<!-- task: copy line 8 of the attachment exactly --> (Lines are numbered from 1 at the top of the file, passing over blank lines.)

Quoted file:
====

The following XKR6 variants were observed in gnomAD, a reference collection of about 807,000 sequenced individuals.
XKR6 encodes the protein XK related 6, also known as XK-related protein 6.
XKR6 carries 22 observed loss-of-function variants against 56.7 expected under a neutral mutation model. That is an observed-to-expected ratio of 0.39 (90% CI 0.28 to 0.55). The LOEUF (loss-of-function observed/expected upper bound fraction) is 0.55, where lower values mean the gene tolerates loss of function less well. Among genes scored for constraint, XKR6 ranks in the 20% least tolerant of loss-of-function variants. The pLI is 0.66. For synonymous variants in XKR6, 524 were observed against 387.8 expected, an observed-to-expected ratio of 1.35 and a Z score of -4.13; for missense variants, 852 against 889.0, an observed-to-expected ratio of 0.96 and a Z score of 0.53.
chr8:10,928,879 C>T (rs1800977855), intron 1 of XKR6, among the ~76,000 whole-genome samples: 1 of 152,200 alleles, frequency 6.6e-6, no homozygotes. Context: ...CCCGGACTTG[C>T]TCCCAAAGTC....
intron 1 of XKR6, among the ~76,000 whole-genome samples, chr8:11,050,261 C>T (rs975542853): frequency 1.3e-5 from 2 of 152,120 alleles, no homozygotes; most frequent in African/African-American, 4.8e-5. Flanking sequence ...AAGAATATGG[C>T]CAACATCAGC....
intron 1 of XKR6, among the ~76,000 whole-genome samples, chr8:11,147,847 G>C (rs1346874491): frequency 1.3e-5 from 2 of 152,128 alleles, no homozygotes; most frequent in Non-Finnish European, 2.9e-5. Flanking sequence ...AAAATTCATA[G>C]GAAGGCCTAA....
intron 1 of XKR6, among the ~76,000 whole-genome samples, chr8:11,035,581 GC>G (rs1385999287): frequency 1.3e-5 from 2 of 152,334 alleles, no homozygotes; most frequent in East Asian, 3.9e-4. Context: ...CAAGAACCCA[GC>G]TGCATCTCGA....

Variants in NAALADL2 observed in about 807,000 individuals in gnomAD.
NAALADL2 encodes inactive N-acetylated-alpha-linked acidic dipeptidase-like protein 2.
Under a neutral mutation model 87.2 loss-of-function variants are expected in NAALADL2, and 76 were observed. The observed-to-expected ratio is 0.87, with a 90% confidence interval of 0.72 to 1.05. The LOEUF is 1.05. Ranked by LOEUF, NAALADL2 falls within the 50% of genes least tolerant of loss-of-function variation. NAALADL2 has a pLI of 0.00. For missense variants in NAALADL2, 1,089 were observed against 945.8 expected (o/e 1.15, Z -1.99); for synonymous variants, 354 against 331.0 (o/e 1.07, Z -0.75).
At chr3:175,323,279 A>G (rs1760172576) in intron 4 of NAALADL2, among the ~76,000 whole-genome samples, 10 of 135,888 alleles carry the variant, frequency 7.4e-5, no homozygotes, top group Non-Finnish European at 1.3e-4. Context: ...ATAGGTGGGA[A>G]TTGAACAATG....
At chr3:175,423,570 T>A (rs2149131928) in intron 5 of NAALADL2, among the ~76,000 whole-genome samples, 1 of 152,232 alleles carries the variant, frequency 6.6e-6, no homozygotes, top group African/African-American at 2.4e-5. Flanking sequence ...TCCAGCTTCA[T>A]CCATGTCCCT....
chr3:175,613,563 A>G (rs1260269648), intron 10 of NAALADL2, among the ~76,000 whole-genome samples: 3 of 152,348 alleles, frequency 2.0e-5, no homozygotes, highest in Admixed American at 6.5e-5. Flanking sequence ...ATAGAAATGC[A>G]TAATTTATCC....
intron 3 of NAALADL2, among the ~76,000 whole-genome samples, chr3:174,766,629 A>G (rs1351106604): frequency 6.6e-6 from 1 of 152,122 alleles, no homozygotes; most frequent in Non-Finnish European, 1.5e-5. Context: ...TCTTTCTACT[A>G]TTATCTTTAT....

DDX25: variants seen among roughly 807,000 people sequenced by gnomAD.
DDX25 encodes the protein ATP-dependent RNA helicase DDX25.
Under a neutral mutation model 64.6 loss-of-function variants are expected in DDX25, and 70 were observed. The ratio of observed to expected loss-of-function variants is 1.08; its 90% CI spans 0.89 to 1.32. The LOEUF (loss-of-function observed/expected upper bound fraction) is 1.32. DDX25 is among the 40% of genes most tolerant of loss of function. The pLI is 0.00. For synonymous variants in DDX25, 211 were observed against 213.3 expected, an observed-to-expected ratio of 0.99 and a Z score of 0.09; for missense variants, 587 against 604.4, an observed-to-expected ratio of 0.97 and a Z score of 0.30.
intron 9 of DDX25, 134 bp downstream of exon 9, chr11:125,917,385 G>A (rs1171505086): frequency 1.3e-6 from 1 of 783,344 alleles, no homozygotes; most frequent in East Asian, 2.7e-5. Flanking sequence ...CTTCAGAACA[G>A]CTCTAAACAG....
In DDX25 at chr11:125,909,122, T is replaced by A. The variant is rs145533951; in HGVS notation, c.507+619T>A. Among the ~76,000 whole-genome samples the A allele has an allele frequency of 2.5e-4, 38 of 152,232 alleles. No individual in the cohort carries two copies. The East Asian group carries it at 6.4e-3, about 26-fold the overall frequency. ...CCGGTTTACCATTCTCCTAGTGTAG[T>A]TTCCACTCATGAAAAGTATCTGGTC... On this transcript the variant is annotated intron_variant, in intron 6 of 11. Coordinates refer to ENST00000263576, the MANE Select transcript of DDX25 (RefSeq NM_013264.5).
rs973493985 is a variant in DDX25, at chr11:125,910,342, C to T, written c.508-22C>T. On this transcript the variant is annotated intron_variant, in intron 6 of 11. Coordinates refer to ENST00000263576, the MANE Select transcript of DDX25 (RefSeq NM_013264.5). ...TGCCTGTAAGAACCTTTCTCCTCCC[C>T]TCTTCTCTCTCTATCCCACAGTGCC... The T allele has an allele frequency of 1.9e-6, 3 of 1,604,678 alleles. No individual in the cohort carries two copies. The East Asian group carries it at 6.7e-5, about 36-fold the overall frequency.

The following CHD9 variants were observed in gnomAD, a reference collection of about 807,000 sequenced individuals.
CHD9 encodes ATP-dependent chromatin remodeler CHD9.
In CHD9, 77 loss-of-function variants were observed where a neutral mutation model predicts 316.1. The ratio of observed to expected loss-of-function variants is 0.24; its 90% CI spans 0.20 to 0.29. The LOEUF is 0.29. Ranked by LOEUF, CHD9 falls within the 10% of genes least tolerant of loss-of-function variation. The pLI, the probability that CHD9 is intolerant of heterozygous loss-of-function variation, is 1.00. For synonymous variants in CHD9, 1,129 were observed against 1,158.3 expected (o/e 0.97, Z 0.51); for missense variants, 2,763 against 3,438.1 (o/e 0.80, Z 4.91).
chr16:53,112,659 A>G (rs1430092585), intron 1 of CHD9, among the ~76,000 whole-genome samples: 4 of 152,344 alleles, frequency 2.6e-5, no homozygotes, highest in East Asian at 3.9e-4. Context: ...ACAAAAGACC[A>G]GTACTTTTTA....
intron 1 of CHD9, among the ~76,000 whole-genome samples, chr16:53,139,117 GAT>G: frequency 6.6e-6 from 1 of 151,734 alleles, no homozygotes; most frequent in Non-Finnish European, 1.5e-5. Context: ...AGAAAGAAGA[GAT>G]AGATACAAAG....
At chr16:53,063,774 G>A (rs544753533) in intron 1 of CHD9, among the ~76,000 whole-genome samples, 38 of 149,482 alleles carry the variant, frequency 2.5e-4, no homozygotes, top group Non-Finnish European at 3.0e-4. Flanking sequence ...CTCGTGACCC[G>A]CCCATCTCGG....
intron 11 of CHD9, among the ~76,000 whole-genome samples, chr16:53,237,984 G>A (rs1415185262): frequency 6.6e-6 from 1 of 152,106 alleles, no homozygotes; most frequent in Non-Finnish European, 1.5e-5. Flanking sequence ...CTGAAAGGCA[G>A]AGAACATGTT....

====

Variants in NAALADL2 observed in about 807,000 individuals in gnomAD.